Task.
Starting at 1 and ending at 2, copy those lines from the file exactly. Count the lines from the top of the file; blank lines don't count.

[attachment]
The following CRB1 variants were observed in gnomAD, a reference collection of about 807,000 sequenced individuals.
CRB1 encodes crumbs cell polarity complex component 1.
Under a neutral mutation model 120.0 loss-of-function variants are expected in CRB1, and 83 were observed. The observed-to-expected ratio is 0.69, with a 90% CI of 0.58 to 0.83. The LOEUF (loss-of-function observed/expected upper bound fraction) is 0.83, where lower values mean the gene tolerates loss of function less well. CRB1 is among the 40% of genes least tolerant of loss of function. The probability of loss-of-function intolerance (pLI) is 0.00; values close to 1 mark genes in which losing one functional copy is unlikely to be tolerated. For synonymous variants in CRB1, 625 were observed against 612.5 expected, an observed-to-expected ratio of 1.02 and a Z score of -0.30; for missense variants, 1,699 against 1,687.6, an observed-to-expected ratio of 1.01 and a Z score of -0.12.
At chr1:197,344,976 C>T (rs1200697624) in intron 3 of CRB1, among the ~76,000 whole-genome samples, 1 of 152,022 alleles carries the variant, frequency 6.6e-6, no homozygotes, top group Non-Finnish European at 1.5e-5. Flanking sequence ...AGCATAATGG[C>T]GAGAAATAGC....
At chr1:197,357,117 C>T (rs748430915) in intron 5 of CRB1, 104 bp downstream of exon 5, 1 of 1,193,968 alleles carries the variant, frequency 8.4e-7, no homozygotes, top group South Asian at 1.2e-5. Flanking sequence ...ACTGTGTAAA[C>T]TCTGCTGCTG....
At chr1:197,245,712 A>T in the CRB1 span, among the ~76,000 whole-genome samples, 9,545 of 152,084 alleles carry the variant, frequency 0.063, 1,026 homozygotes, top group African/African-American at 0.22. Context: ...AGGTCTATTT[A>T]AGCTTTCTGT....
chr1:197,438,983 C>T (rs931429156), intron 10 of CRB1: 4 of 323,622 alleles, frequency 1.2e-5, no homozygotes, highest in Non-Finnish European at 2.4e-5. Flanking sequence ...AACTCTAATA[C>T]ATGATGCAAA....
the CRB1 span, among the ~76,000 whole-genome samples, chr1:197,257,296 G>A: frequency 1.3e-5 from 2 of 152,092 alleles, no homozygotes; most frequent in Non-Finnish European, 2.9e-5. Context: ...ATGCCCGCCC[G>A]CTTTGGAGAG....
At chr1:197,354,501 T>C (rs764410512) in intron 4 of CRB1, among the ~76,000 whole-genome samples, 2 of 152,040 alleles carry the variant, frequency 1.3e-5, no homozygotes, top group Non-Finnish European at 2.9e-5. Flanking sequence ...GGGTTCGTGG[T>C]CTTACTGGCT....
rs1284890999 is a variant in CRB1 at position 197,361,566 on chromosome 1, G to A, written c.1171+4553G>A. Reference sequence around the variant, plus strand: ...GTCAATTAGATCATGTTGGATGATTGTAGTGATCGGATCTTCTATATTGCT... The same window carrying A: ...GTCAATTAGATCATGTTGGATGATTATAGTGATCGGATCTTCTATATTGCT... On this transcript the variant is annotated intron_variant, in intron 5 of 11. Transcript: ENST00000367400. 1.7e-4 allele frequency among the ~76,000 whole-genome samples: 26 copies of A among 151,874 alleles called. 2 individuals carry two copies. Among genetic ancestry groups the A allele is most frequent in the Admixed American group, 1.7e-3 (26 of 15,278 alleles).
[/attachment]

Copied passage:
The following CRB1 variants were observed in gnomAD, a reference collection of about 807,000 sequenced individuals.
CRB1 encodes crumbs cell polarity complex component 1.